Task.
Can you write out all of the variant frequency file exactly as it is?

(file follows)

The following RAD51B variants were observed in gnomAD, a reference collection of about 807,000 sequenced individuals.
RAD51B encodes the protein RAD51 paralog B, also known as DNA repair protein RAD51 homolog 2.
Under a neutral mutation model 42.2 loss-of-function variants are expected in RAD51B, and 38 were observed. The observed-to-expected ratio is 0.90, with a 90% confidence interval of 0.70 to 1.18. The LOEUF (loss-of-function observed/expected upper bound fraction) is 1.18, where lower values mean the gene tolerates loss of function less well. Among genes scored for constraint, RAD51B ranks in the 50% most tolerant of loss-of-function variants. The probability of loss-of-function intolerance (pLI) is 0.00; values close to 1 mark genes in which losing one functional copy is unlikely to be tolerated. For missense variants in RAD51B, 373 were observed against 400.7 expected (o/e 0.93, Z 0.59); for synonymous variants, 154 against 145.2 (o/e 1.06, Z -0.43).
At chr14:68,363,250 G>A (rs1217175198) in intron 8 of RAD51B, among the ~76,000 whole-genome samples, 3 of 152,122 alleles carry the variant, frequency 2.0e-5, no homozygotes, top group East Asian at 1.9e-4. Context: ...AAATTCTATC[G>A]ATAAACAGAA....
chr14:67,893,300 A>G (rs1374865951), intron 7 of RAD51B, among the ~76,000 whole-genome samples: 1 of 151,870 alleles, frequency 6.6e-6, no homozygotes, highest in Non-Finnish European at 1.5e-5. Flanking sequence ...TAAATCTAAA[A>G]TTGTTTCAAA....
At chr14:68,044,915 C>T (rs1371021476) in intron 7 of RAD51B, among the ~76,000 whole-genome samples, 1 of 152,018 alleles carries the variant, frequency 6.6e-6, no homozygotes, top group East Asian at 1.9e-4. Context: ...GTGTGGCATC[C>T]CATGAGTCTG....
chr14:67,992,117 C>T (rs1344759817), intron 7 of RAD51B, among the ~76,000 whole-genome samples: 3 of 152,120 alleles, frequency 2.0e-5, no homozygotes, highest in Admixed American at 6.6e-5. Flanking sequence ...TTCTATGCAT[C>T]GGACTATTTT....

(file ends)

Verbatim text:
The following RAD51B variants were observed in gnomAD, a reference collection of about 807,000 sequenced individuals.
RAD51B encodes the protein RAD51 paralog B, also known as DNA repair protein RAD51 homolog 2.
Under a neutral mutation model 42.2 loss-of-function variants are expected in RAD51B, and 38 were observed. The observed-to-expected ratio is 0.90, with a 90% confidence interval of 0.70 to 1.18. The LOEUF (loss-of-function observed/expected upper bound fraction) is 1.18, where lower values mean the gene tolerates loss of function less well. Among genes scored for constraint, RAD51B ranks in the 50% most tolerant of loss-of-function variants. The probability of loss-of-function intolerance (pLI) is 0.00; values close to 1 mark genes in which losing one functional copy is unlikely to be tolerated. For missense variants in RAD51B, 373 were observed against 400.7 expected (o/e 0.93, Z 0.59); for synonymous variants, 154 against 145.2 (o/e 1.06, Z -0.43).
At chr14:68,363,250 G>A (rs1217175198) in intron 8 of RAD51B, among the ~76,000 whole-genome samples, 3 of 152,122 alleles carry the variant, frequency 2.0e-5, no homozygotes, top group East Asian at 1.9e-4. Context: ...AAATTCTATC[G>A]ATAAACAGAA....
chr14:67,893,300 A>G (rs1374865951), intron 7 of RAD51B, among the ~76,000 whole-genome samples: 1 of 151,870 alleles, frequency 6.6e-6, no homozygotes, highest in Non-Finnish European at 1.5e-5. Flanking sequence ...TAAATCTAAA[A>G]TTGTTTCAAA....
At chr14:68,044,915 C>T (rs1371021476) in intron 7 of RAD51B, among the ~76,000 whole-genome samples, 1 of 152,018 alleles carries the variant, frequency 6.6e-6, no homozygotes, top group East Asian at 1.9e-4. Context: ...GTGTGGCATC[C>T]CATGAGTCTG....
chr14:67,992,117 C>T (rs1344759817), intron 7 of RAD51B, among the ~76,000 whole-genome samples: 3 of 152,120 alleles, frequency 2.0e-5, no homozygotes, highest in Admixed American at 6.6e-5. Flanking sequence ...TTCTATGCAT[C>T]GGACTATTTT....